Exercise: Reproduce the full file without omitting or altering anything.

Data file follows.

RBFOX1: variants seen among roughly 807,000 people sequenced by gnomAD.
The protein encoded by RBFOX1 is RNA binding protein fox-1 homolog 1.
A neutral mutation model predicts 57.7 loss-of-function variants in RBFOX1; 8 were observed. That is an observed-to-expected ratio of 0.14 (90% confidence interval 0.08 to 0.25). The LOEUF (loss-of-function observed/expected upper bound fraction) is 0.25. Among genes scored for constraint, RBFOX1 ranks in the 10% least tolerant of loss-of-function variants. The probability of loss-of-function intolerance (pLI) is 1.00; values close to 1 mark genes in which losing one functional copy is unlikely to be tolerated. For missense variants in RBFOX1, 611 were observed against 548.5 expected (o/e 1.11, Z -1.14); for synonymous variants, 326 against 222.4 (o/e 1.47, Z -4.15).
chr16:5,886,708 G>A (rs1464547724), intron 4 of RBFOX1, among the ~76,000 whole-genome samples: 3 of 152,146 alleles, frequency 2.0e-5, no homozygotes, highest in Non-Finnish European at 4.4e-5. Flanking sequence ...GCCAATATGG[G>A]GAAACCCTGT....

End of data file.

RBFOX1: variants seen among roughly 807,000 people sequenced by gnomAD.
The protein encoded by RBFOX1 is RNA binding protein fox-1 homolog 1.
A neutral mutation model predicts 57.7 loss-of-function variants in RBFOX1; 8 were observed. That is an observed-to-expected ratio of 0.14 (90% confidence interval 0.08 to 0.25). The LOEUF (loss-of-function observed/expected upper bound fraction) is 0.25. Among genes scored for constraint, RBFOX1 ranks in the 10% least tolerant of loss-of-function variants. The probability of loss-of-function intolerance (pLI) is 1.00; values close to 1 mark genes in which losing one functional copy is unlikely to be tolerated. For missense variants in RBFOX1, 611 were observed against 548.5 expected (o/e 1.11, Z -1.14); for synonymous variants, 326 against 222.4 (o/e 1.47, Z -4.15).
chr16:5,886,708 G>A (rs1464547724), intron 4 of RBFOX1, among the ~76,000 whole-genome samples: 3 of 152,146 alleles, frequency 2.0e-5, no homozygotes, highest in Non-Finnish European at 4.4e-5. Flanking sequence ...GCCAATATGG[G>A]GAAACCCTGT....